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Acetylserotonin O-Methyltransferase

The Experts below are selected from a list of 159 Experts worldwide ranked by ideXlab platform

Jonas Melke – 1st expert on this subject based on the ideXlab platform

  • Mutation screening of melatonin-related genes in patients with autism spectrum disorders.
    BMC Medical Genomics, 2010
    Co-Authors: Lina Jonsson, Elin Ljunggren, Anna Bremer, Christin T. Pedersen, Mikael Landén, Kent Thuresson, Maibritt Giacobini, Jonas Melke

    Abstract:

    Background
    One consistent finding in autism spectrum disorders (ASD) is a decreased level of the pineal gland hormone melatonin and it has recently been demonstrated that this decrease to a large extent is due to low activity of the Acetylserotonin O-Methyltransferase (ASMT), the last enzyme in the melatonin synthesis pathway. Moreover, mutations in the ASMT gene have been identified, including a splice site mutation, that were associated with low ASMT activity and melatonin secretion, suggesting that the low ASMT activity observed in autism is, at least partly, due to variation within the ASMT gene.

  • Mutation screening of melatonin-related genes in patients with autism spectrum disorders
    BMC Medical Genomics, 2010
    Co-Authors: Lina Jonsson, Elin Ljunggren, Anna Bremer, Mikael Landén, Kent Thuresson, Maibritt Giacobini, Christin Pedersen, Jonas Melke

    Abstract:

    Background One consistent finding in autism spectrum disorders (ASD) is a decreased level of the pineal gland hormone melatonin and it has recently been demonstrated that this decrease to a large extent is due to low activity of the Acetylserotonin O-Methyltransferase (ASMT), the last enzyme in the melatonin synthesis pathway. Moreover, mutations in the ASMT gene have been identified, including a splice site mutation, that were associated with low ASMT activity and melatonin secretion, suggesting that the low ASMT activity observed in autism is, at least partly, due to variation within the ASMT gene. Methods In the present study, we have investigated all the genes involved in the melatonin pathway by mutation screening of AA-NAT (arylalkylamine N-acetyltransferase), ASMT, MTNR1A, MTNR1B (melatonin receptor 1A and 1B) and GPR50 (G protein-coupled receptor 50), encoding both synthesis enzymes and the three main receptors of melatonin, in 109 patients with autism spectrum disorders (ASD). A cohort of 188 subjects from the general population was used as a comparison group and was genotyped for the variants identified in the patient sample. Results Several rare variants were identified in patients with ASD, including the previously reported splice site mutation in ASMT (IVS5+2T>C). Of the variants affecting protein sequence, only the V124I in the MTNR1B gene was absent in our comparison group. However, mutations were found in upstream regulatory regions in three of the genes investigated, ASMT, MTNR1A , and MTNR1B . Conclusions Our report of another ASD patient carrying the splice site mutation IVS5+2T>C, in ASMT further supports an involvement of this gene in autism. Moreover, our results also suggest that other melatonin related genes might be interesting candidates for further investigation in the search for genes involved in autism spectrum disorders and related neurobehavioral phenotypes. However, further studies of the novel variants identified in this study are warranted to shed light on their potential role in the pathophysiology of these disorders.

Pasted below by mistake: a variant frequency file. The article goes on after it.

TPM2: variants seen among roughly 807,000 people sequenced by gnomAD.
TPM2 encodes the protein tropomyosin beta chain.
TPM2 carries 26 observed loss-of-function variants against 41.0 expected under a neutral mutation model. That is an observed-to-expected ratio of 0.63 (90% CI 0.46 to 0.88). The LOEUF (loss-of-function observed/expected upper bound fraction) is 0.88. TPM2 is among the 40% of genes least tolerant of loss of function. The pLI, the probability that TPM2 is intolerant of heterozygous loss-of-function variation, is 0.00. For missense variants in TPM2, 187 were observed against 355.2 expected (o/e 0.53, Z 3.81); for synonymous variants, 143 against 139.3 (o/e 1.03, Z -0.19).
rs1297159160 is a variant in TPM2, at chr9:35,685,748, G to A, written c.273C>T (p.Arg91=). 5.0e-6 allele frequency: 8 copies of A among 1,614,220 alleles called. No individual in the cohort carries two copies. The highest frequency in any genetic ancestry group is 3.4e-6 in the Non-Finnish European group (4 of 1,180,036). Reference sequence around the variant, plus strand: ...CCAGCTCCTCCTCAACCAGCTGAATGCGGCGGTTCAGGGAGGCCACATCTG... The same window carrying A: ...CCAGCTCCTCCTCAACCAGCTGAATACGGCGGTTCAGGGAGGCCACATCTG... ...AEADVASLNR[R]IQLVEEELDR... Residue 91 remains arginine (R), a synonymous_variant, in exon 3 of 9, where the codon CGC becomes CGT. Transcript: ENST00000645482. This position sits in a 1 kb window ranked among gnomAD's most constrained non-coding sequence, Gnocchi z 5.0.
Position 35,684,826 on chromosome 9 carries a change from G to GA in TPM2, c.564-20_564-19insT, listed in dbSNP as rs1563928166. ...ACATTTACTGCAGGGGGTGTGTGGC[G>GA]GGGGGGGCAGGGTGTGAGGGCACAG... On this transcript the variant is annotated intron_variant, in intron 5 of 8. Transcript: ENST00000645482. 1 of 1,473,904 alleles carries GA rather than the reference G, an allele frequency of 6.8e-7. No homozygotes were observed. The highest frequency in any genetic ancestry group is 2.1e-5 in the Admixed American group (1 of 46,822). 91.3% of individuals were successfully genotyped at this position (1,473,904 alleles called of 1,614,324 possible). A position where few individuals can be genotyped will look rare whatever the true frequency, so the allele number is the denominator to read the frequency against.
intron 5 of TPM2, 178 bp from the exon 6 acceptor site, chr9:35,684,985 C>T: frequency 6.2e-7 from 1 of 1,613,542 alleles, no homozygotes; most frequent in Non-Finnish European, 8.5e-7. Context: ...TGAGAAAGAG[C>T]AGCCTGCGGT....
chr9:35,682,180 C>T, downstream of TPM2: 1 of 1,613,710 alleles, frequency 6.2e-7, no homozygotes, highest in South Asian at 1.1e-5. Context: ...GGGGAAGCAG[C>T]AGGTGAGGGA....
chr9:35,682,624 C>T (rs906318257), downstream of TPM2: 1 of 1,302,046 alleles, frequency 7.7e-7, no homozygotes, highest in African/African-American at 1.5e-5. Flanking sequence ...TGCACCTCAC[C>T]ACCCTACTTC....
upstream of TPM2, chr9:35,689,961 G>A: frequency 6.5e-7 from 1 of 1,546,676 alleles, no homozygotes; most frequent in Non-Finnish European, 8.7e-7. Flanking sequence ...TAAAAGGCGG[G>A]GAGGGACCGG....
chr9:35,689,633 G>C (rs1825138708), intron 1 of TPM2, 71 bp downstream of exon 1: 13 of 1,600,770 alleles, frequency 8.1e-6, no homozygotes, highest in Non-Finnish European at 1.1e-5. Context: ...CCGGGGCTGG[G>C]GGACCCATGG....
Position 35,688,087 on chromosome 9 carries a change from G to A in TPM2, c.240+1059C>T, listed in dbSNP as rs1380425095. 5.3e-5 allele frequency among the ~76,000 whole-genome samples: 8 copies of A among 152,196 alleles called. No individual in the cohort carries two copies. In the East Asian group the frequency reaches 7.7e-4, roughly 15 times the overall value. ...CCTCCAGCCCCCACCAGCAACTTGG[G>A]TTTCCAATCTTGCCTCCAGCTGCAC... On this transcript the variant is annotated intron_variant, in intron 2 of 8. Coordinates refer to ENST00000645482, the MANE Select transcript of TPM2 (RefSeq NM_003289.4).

Kyoungwhan Back – 2nd expert on this subject based on the ideXlab platform

  • Rice N-Acetylserotonin deacetylase regulates melatonin levels in transgenic rice
    Melatonin Research, 2020
    Co-Authors: Ok Jin Hwang, Kyoungwhan Back

    Abstract:

    A reverse melatonin biosynthetic pathway was recently discovered in plants, by which N-Acetylserotonin (NAS) is converted into serotonin by N-Acetylserotonin deacetylase (ASDAC) rather than into melatonin by N-Acetylserotonin O-Methyltransferase (ASMT). In this study, we generated transgenic rice plants in which ASDAC was either suppressed or overexpressed to determine whether ASDAC is functionally involved in melatonin biosynthesis. ASDAC-suppressed rice showed increased levels of NAS, 5-methoxytryptamine (5-MT), and melatonin, whereas ASDAC-overexpressed rice exhibited less melatonin synthesis than observed in the wild type. This finding is strong evidence of the role of ASDAC in melatonin biosynthesis in rice. The increased levels of 5-MT, which is produced either by ASDAC from melatonin or by serotonin O-Methyltransferase (SOMT) from serotonin in ASDAC-suppressed rice, was ascribed to enhanced SOMT enzyme activity rather than increased transcripts, such as ASMT or caffeic acid O-Methyltransferase (COMT) encoding SOMT activity.